On Cuba, this is not your father's Democratic Party

The U.S. is back, or at least the U.S. flag is up at the new embassy in Havana.  By the way, I still have memories of the old U.S. Embassy.  It was a very nice building on Malecón Drive, the avenue around Havana Bay.

As a naturalized U.S. citizen born in Cuba, and uniquely aware of the tragedy in the island, I was open to negotiations with the Castro regime.  In other words, I was open to a conversation – not the monologue that has taken us to this post.  I was hoping that we could sit down and demand a few things, especially given that Raúl Castro needs this a lot more than we do.  Castro is no longer subsidized by the USSR, credit lines are not available because the regime can't pay back loans, and even Venezuela can't do the oil thing anymore at $45 a barrel.

We had all of the cards.  Unfortunately, it was Obama holding the cards for our side.  Yes, I'm talking about the same Obama-Kerry team that negotiated the Iran nuclear deal.

The Washington Post editorial gets it right:

What’s unfortunate about the scenario planned for Havana is that Mr. Kerry has decided to omit the very people in Cuba who embody the values that the American flag represents: human dignity, the wisdom of the individual above the state and free access to basic rights of expression in speech, assembly and thought.

These people — the dissidents in Cuba who have fought tirelessly for democracy and human rights, and who continue to suffer regular beatings and arrests — will not be witnesses to the flag-raising. They were not invited.

The official U.S. explanation for excluding the dissidents is that the flag-raising ceremony is a government-to-government affair. This is lame. Inviting the dissidents would be a demonstration to Raúl and Fidel Castro of what the flag stands for: people freely choosing their leaders, a pluralism of views and a public engaging in the institutions and traditions of a healthy civil society.

Not inviting them is a sorry tip of the hat to what the Castros so vividly stand for: diktat, statism, control and rule by fear.

Once upon a time, we had a Democratic Party that did not tip its hat to dictators.  I wonder what Truman, JFK, LBJ, and Scoop Jackson think of this travesty.  Furthermore, I wonder what the families of the thousands executed by this regime think of the U.S. legitimizing the Castro brothers.

It's not a good day.

P.S. You can listen to my show (Canto Talk) and follow me on Twitter.

The U.S. is back, or at least the U.S. flag is up at the new embassy in Havana.  By the way, I still have memories of the old U.S. Embassy.  It was a very nice building on Malecón Drive, the avenue around Havana Bay.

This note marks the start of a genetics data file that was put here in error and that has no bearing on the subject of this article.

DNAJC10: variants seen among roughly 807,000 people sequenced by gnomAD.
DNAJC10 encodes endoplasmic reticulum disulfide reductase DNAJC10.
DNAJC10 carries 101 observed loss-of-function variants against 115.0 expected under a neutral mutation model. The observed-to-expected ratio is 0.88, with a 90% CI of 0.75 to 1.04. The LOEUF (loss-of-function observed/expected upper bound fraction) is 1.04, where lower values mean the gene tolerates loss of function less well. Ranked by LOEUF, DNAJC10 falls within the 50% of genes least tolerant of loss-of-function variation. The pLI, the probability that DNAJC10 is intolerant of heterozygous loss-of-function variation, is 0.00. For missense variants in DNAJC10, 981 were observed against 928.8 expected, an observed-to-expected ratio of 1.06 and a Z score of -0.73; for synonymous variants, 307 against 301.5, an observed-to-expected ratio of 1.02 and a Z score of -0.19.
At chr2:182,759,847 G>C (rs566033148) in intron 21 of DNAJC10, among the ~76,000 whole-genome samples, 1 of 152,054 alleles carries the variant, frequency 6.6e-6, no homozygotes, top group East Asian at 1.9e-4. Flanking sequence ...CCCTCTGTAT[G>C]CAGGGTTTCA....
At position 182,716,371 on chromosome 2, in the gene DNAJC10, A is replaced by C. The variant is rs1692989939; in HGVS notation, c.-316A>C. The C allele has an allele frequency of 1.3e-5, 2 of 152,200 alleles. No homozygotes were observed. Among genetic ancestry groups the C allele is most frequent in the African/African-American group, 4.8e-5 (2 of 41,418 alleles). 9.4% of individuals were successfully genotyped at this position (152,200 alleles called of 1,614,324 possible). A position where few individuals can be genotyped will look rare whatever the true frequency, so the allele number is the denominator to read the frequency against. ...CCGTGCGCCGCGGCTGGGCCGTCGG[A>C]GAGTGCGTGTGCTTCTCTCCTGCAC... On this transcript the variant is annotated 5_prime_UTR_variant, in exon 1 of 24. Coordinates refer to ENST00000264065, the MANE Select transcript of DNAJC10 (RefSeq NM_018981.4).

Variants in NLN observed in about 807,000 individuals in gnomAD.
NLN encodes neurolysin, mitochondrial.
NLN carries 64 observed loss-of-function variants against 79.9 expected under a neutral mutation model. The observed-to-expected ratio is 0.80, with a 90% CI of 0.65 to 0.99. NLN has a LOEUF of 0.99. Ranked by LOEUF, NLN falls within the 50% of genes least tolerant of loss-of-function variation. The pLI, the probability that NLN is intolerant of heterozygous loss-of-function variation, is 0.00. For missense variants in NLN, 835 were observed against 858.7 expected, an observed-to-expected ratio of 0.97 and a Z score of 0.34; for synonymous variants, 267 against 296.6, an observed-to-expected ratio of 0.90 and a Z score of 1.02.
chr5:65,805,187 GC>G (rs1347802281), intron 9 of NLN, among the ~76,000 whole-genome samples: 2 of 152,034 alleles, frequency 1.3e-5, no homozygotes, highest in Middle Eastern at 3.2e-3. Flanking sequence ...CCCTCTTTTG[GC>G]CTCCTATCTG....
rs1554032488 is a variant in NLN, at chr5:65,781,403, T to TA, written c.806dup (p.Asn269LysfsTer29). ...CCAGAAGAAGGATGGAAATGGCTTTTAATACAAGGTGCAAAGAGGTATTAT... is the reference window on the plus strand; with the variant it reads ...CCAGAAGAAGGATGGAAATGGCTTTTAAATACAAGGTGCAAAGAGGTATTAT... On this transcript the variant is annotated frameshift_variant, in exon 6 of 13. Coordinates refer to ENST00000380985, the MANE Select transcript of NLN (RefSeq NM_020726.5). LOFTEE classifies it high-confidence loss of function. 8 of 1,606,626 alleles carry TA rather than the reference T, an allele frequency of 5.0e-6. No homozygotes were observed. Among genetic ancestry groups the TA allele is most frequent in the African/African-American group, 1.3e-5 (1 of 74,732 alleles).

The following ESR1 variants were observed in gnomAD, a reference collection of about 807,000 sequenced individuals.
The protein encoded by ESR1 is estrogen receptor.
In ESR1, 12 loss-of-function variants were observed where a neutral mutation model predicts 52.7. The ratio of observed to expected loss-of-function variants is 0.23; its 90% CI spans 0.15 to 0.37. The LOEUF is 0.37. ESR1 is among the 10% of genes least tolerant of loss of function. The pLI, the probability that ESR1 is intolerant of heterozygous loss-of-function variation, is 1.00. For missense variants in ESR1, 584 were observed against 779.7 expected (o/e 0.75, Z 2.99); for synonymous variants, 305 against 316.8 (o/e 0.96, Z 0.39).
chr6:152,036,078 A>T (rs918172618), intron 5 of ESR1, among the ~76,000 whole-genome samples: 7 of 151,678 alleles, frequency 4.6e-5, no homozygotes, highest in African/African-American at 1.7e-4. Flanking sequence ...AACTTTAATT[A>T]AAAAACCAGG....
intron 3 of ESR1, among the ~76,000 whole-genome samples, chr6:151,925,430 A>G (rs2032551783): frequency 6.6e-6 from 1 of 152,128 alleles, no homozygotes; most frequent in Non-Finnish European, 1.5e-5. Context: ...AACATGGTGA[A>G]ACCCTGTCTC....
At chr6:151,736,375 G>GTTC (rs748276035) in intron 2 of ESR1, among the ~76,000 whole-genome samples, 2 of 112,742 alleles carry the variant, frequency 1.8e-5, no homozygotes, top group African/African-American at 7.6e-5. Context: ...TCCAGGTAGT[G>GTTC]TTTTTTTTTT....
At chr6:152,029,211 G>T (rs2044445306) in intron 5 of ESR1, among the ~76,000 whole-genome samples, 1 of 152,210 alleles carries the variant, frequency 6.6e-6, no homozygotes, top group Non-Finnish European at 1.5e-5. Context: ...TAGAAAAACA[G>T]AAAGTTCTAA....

As a naturalized U.S. citizen born in Cuba, and uniquely aware of the tragedy in the island, I was open to negotiations with the Castro regime.  In other words, I was open to a conversation – not the monologue that has taken us to this post.  I was hoping that we could sit down and demand a few things, especially given that Raúl Castro needs this a lot more than we do.  Castro is no longer subsidized by the USSR, credit lines are not available because the regime can't pay back loans, and even Venezuela can't do the oil thing anymore at $45 a barrel.

We had all of the cards.  Unfortunately, it was Obama holding the cards for our side.  Yes, I'm talking about the same Obama-Kerry team that negotiated the Iran nuclear deal.

The Washington Post editorial gets it right:

What’s unfortunate about the scenario planned for Havana is that Mr. Kerry has decided to omit the very people in Cuba who embody the values that the American flag represents: human dignity, the wisdom of the individual above the state and free access to basic rights of expression in speech, assembly and thought.

These people — the dissidents in Cuba who have fought tirelessly for democracy and human rights, and who continue to suffer regular beatings and arrests — will not be witnesses to the flag-raising. They were not invited.

The official U.S. explanation for excluding the dissidents is that the flag-raising ceremony is a government-to-government affair. This is lame. Inviting the dissidents would be a demonstration to Raúl and Fidel Castro of what the flag stands for: people freely choosing their leaders, a pluralism of views and a public engaging in the institutions and traditions of a healthy civil society.

Not inviting them is a sorry tip of the hat to what the Castros so vividly stand for: diktat, statism, control and rule by fear.

Once upon a time, we had a Democratic Party that did not tip its hat to dictators.  I wonder what Truman, JFK, LBJ, and Scoop Jackson think of this travesty.  Furthermore, I wonder what the families of the thousands executed by this regime think of the U.S. legitimizing the Castro brothers.

It's not a good day.

P.S. You can listen to my show (Canto Talk) and follow me on Twitter.